[Foundation-l] Wikipedia:Office Actions
andreengels at gmail.com
Wed Apr 25 20:53:53 UTC 2007
2007/4/25, Ray Saintonge <saintonge at telus.net>:
> >In my opinion an office action necessary to specify that this actually
> >is not a request but an order. If I ask for a copyright violation to
> >be deleted, the people from the wiki where I do the request may still
> >decide that in their opinion it is not one, and let the text or image
> >stay. Against an office action they would not have such a choice.
> OFFICE actions should be exceptional, and should never be a vehicle to
> push someone's POV. They should reflect a credible and imminent
> likelihood of legal action.
I agree, but what does that have to do with what I wrote? Whether they
are exceptional or common, they are at least exceptional in the amount
of force behind it, which is, or at least should be, much greater than
the force behind "Jimbo says so" or even "it's a WMF rule".
> Where libel is the alleged offence it
> should provide an opportunity for senior responsible editors to make a
> dlligent review the information in the article to insure that what is
> said is not libellous. Once that has been done it should not prevent
> the substantiated material from being restored.
I do not necessarily agree. The office might be more capable of having
the judicial help to make such a decision. If there is a disagreement
between complainant an project, the WMF should itself make a decision
as to what it thinks is the acceptable solution, given that it is also
the party that could risk to lose on the issue.
> This is not about copyright violations. These should be kept out of the
> OFFICE action system completely. There are already rules in law that
> give a copyright owner the opportunity to challenge infringements of his
> copyrights so that they will be taken down. If the copyright owner has
> not personally made any complaints whatsoever _any_ use of OFFICE for
> this should be viewed as abusive.
And what if the copyright owner *has* made personal complaints?
> If WMF steps in to make a finding of fact in what is otherwise an honest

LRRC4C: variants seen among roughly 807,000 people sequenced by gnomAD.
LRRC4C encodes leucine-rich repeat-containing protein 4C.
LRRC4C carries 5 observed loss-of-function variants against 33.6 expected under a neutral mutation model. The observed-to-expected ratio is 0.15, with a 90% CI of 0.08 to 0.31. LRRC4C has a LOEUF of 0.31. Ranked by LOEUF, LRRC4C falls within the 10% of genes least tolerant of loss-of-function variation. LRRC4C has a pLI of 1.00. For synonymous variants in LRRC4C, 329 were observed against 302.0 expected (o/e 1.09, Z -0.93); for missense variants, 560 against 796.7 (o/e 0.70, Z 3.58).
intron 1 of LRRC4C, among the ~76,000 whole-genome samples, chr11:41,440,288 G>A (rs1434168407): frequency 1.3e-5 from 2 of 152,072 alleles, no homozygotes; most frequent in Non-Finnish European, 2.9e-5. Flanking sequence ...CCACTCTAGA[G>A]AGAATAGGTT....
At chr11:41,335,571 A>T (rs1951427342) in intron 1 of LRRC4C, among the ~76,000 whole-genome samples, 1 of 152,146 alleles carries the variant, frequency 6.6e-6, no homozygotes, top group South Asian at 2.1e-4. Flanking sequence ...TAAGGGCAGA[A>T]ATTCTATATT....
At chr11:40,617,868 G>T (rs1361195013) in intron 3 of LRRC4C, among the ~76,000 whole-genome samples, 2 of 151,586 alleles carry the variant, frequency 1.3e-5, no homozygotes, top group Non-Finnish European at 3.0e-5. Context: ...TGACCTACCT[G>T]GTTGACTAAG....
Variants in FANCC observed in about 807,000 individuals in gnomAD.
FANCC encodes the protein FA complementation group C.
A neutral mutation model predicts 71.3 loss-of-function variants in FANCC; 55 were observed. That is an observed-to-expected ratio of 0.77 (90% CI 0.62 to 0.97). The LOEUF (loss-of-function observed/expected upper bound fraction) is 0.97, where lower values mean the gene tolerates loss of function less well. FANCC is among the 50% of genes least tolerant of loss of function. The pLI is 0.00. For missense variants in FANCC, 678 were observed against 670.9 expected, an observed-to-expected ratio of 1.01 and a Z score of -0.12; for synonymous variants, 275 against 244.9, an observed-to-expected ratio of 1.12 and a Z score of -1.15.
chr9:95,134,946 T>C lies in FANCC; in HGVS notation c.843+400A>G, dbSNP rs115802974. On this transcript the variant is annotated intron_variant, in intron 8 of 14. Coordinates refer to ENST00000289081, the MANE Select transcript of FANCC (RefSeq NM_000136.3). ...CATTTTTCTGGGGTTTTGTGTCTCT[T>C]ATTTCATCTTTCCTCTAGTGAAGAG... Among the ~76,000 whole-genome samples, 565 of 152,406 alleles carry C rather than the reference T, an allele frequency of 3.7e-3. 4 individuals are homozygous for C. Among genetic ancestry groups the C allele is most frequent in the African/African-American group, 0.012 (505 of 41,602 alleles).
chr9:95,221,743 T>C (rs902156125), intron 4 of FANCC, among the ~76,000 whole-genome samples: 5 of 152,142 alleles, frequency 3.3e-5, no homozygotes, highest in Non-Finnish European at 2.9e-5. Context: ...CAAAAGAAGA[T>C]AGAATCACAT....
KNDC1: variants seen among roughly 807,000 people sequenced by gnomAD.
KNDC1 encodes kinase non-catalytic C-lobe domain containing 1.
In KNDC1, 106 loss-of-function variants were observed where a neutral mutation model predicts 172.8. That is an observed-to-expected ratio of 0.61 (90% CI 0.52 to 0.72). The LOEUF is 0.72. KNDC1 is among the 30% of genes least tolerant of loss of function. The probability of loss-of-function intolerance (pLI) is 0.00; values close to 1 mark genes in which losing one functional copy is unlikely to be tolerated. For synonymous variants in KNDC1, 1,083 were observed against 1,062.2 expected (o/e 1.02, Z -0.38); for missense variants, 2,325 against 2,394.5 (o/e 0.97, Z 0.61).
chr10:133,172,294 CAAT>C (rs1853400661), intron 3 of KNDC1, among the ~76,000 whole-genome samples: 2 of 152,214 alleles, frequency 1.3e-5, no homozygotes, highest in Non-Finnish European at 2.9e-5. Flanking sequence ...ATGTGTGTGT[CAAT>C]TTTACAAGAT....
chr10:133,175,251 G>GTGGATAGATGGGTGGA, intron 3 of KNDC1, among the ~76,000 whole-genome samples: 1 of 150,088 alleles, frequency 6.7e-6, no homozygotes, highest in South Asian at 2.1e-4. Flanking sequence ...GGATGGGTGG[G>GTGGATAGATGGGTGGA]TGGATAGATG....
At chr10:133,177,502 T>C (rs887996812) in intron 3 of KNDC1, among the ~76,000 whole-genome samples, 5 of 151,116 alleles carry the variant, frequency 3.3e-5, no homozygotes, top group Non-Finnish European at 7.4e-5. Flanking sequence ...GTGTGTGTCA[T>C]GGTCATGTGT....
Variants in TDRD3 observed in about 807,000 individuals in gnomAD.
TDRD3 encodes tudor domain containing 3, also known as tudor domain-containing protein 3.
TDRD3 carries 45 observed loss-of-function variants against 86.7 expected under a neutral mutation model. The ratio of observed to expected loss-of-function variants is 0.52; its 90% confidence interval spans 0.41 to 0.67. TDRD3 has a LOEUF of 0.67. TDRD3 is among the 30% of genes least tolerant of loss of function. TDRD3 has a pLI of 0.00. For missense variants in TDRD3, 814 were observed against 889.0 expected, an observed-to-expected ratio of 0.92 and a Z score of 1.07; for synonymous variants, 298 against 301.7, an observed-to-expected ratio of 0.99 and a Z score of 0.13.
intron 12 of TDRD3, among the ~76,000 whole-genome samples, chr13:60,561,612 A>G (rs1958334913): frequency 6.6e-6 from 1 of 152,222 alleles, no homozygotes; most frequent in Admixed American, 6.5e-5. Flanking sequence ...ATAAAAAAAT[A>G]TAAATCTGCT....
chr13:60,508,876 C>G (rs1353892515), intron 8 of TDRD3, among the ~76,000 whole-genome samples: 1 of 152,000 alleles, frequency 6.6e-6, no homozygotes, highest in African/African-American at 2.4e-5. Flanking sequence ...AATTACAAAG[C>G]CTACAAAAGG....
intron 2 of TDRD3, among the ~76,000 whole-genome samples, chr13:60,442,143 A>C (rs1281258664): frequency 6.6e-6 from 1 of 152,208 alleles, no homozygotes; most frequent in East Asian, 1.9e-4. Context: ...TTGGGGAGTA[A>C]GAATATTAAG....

> dispute about whether a particular passage is a copyright infringement
> it does not decrease its exposure to liability, it increases it. It
> proclaims editorial control that would not be there if it were only a
> pure ISP. Such a stand by the Foundation is not tantamount to
> permitting any copyvio that a person puts into a project. It is enough
> that WMF has a copyright policy in place; it does have that, and that
> policy is already more conservative than what is found in US law. That
> does not mean that it should be in the business of finding fact. Even
> when an outsider complains that his copyrights have been violated it is
> still not in a position to determine facts.
I think it does. The only alternatives are to force each copyright
holder to go to court for even the most blatant copyright violation or
to take down each alleged copyright violation, however ridiculous that
allegation. If I send an email to the Wikimedia Foundation, claiming I
am the copyright holder of some text actually in the public domain,
should there be action to take that material off our servers? If the
complete text of a novel of Stephen King is on wikibooks, and he or
his publisher make a complaint with the WMF, should it be taken off
our servers? If you answer differently between these two questions
then the WMF IS in a position to determine facts.
> Most disputes about these things must be solved at the project level.
> Maintaining an editorial distance between WMF and the projects is
> absolutely vital! It becomes very difficult to do this when the
> pprojects ask the Foundation to solve problems that they should be
> solving themselves.
Who is talking about this? As far as I can see, we are all talking
about cases where the Foundation takes the steps to start the process,
not the project.
Andre Engels, andreengels at gmail.com
ICQ: 6260644 -- Skype: a_engels
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